Students have been falling behind in literacy for some time. The impact of the pandemic significantly exacerbated this decline, with the release of the 2022 NAEP test scores showing a five-point decline in reading literacy nationwide. Meanwhile, fourth graders in New Mexico scored an average of 14 points below the national public score.
The data has made it clear that the process of teaching reading needs to change, and now is the critical time for action.
To see progress, the focus must be on building early literacy skills with strong foundations. In this essential early childhood lesson, children learn to read words and understand what they read so they build accuracy and fluency. Studies show that the sooner we can build these skills, the better.
We need to take advantage of recent studies and research that inform how children learn to read and develop strong literacy skills, and apply that knowledge. There is a need to devote more attention and resources to pre-kindergarten, kindergarten and early reading programs, particularly in underserved households and communities, to ensure every child is on the right track in their literacy journey.
Strong literacy skills are associated with higher employment rates and higher monthly earnings, and beyond the simple economic implications, there are extensive challenges that come with literacy shortages.
Long-term studies show that a student who does not read at grade level until third grade may never read at the appropriate grade level. After the third grade, reading and writing instruction shifts from learning to read to reading to learn. If a child slips through the cracks at this critical stage, they will inevitably face ongoing challenges throughout their education, increasing the likelihood that they will not graduate and consequently suffer lifelong obstacles.
There is no doubt that learning to read through third grade is essential. However, the strategy implemented today allows far too many students to miss this target.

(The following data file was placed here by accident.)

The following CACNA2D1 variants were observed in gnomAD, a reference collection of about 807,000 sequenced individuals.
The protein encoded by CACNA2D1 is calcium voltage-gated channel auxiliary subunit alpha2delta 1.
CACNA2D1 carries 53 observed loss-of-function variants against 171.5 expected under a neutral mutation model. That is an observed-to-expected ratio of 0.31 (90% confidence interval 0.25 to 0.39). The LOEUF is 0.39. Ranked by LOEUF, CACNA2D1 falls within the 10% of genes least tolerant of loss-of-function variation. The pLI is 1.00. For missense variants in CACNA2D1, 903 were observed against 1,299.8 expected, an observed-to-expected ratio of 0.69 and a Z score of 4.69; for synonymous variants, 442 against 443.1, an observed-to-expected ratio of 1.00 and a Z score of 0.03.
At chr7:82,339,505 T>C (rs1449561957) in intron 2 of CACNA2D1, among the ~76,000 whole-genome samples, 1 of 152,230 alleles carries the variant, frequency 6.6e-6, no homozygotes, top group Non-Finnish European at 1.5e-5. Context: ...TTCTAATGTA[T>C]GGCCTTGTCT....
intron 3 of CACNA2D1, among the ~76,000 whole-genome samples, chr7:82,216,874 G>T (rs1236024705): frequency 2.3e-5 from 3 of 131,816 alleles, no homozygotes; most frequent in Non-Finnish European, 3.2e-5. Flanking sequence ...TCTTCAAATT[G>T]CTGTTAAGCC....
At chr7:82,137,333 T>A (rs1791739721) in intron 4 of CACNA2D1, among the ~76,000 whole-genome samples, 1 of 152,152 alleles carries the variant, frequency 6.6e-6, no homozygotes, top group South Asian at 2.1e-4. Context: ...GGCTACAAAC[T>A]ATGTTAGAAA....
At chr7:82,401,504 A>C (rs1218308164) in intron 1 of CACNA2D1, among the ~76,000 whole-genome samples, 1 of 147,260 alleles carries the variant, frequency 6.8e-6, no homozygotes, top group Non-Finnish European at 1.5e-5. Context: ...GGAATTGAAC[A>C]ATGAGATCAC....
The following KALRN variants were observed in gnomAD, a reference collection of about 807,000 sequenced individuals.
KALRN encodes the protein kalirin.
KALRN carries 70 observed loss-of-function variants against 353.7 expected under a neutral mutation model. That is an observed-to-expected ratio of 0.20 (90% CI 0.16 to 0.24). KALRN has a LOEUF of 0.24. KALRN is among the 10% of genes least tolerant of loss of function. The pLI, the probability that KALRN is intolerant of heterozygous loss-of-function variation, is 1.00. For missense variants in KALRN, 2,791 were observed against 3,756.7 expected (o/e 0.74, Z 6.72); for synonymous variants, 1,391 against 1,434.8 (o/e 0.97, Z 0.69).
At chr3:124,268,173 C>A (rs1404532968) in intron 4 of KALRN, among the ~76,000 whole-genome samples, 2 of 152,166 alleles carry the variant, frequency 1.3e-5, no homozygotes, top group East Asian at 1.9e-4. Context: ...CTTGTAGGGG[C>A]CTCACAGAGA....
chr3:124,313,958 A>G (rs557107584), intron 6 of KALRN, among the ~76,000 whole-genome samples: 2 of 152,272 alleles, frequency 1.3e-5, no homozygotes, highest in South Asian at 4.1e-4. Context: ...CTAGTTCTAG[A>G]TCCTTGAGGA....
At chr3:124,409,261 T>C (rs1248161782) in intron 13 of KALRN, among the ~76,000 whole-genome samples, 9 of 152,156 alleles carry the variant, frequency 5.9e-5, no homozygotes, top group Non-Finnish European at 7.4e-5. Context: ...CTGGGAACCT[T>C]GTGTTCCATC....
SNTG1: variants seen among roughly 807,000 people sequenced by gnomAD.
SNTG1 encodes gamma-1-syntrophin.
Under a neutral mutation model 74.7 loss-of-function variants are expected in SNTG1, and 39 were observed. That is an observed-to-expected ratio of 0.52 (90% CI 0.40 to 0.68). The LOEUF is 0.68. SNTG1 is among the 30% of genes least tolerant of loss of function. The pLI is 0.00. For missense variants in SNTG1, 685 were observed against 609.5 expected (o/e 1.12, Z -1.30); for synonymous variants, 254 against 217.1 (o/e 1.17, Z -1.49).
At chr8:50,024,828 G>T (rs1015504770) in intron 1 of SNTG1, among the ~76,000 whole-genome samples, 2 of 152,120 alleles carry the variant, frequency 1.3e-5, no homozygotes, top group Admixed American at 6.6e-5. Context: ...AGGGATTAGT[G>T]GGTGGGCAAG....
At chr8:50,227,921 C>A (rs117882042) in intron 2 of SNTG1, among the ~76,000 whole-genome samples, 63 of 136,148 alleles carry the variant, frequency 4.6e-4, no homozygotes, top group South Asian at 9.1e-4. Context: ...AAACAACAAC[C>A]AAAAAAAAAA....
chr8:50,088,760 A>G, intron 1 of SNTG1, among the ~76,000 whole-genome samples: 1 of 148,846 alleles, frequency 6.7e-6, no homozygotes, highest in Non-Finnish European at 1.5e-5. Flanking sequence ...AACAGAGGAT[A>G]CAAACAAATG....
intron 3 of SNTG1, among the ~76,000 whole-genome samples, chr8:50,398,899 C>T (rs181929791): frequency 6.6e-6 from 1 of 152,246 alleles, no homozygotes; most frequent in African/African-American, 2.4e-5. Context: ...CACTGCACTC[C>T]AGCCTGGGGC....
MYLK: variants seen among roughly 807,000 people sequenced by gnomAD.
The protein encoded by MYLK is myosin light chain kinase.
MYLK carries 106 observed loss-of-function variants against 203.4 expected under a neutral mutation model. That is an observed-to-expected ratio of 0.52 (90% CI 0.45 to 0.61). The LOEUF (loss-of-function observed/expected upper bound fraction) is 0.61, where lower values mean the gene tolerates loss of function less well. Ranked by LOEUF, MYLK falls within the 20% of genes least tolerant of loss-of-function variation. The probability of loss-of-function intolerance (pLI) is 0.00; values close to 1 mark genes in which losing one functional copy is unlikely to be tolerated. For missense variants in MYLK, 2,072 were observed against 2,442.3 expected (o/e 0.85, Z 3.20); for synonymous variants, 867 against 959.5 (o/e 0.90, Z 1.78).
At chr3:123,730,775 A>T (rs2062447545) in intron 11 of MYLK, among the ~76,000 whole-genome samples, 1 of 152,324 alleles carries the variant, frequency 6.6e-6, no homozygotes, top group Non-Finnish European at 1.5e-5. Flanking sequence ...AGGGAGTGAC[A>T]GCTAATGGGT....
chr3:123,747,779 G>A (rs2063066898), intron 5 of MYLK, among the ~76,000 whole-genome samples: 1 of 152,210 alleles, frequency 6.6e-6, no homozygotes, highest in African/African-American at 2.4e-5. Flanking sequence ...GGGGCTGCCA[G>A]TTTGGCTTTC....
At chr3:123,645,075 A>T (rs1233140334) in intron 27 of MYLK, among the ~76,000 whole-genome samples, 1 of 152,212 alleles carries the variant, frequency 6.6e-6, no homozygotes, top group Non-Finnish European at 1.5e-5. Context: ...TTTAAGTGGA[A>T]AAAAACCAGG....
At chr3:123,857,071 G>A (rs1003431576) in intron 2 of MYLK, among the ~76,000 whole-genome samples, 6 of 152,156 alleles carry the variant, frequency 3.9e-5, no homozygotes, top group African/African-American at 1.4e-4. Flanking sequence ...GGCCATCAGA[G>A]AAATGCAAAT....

One of the main indicators that children are becoming good readers is reading at home, but there is no one-size-fits-all for this essential step in the process, especially for people in difficult home environments and in a lower socio-economic situation. Expanding early childhood reading programs into preschool and kindergarten, access to free programs with local libraries, and ongoing support for early childhood reading organizations and nonprofits are some of the most realistic ways to get books into the hands and homes of young children.
Through these efforts at an early age, we can realize the love of reading. By capturing a passion for learning from an early age—when children read whimsical stories and books that rhyme—there are more chances to develop their engagement into strong literacy skills.
We need to take a holistic approach to literacy and give more importance to early childhood education. We cannot expect a child to enter their first year of school without first being exposed to reading and books and competently mastering these skills. Learning to read takes time, attention and practice, so our process and resources need to be set up that way from the start. The sooner we can share the joy of reading with our children, the more likely they are to succeed in what they want to do in life.